Nov 11, 2020
All-encompassing tool that scans for vulnerabilities and security breaches
Veracode provides guidance for fixing vulnerabilities. It enables developers to write secure code from the start by pointing them to the problematic line of code, and saying, "This function/method has security vulnerabilities," then suggests alternatives to fix it. Then, we adopt their suggestions of the tool. By implementing it in the right way, we can fix the issue. For example, if the tool has found a method where it copied one piece of memory into another piece of memory in the code. The tool points to problematic methods with the vulnerability and provides ways to code it more securely. By adopting their suggestions, we are fixing this vulnerability. Once you run the tool and realize that it is not secure to use a certain method or function, then you fix it. Next time that you want to add new code, you don't want to repeat that mistake. So, you're already adopting the original suggestion, then writing more security code. If we continued to scan and fix issues, which is an ongoing battle because every day as there are new vulnerabilities, we are on the safe side.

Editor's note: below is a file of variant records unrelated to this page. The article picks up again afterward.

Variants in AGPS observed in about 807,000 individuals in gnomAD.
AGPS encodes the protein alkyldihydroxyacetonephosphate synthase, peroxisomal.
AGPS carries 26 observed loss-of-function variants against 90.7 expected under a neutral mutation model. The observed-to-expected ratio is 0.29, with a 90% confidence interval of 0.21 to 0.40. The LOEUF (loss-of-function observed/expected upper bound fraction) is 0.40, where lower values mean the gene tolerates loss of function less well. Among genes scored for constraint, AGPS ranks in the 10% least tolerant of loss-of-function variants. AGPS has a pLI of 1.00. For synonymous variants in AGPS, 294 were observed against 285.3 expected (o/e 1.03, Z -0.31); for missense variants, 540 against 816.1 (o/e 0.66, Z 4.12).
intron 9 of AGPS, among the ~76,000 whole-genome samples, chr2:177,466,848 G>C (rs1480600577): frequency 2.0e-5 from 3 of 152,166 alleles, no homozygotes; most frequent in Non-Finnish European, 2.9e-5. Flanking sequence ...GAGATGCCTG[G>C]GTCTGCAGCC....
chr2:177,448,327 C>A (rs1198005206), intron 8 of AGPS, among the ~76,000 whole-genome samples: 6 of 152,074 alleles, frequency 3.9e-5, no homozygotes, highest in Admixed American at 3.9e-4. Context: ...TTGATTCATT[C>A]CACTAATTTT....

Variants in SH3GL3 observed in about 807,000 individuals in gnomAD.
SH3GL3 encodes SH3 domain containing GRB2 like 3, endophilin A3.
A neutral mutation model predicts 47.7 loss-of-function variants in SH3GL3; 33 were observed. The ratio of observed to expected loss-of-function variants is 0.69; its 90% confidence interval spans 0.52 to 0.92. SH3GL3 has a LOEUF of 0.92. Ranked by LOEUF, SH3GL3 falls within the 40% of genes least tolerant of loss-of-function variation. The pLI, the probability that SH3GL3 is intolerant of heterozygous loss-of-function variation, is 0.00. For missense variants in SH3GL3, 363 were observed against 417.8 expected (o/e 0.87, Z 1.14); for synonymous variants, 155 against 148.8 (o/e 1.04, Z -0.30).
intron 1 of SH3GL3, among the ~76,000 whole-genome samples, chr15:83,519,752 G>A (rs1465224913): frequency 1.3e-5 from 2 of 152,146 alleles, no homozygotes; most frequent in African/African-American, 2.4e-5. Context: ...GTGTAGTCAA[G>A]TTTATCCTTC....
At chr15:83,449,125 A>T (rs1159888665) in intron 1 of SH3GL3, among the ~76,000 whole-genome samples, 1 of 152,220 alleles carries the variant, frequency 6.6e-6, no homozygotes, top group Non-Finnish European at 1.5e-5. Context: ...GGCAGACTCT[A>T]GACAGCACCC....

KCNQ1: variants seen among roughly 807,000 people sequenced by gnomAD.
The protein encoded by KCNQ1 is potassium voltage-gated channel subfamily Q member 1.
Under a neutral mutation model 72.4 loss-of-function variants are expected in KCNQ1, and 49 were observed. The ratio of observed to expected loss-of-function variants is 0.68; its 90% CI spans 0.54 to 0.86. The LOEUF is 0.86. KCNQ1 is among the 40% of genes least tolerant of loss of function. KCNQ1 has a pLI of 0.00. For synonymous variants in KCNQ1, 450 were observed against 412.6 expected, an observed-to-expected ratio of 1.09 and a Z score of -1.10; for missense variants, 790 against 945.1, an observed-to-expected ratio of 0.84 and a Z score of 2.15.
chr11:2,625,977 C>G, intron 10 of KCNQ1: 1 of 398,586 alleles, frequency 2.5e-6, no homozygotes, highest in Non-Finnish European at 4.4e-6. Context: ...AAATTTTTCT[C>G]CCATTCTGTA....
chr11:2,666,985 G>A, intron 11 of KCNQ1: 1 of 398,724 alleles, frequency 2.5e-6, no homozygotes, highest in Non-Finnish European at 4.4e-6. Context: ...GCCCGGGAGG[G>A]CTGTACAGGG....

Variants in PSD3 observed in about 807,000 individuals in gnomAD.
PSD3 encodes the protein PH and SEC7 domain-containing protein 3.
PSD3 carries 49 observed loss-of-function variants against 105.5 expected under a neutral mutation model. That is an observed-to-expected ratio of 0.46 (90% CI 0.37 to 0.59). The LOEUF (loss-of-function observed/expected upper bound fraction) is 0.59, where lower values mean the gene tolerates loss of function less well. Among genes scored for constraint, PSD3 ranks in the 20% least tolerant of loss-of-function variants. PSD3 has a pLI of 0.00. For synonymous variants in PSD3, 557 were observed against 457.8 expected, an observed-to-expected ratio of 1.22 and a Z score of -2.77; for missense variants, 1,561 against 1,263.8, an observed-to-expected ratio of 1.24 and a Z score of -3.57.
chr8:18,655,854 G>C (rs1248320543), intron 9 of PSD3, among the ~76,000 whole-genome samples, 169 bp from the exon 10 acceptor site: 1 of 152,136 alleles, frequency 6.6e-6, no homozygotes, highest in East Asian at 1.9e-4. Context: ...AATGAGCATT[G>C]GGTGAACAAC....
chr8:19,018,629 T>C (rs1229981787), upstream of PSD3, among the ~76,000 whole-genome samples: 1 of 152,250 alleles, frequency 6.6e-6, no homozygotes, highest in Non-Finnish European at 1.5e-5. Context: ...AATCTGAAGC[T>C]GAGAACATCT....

Quotes from Members

We asked business professionals to review the solutions they use. Here are some excerpts of what they said:
 

Pros

"The setup is fairly easy. We didn't struggle with the process at all."
"From my point of view, it is the best product on the market."
"The main advantage of this solution is its centralized reporting functionality, which lets us track issues, then see and report on the priorities via a web portal."
"The user interface is modern and nice to use."
"The main benefit to using this solution is that we find vulnerabilities in our software before the development cycle is complete."
"The setup is very easy. There is a lot of information in the documents which makes the install not difficult at all."
"The most valuable features of Checkmarx are the automation and information that it provides in the reports."
"The solution is scalable, but other solutions are better."
"The article scanning is excellent."
"It has the ability to statically scan your source code before it goes to production. It can be scanned within your testing or development environment, and that is very useful. And good explanations of all the vulnerabilities in your source code help take care of those issues in future code implementation as well."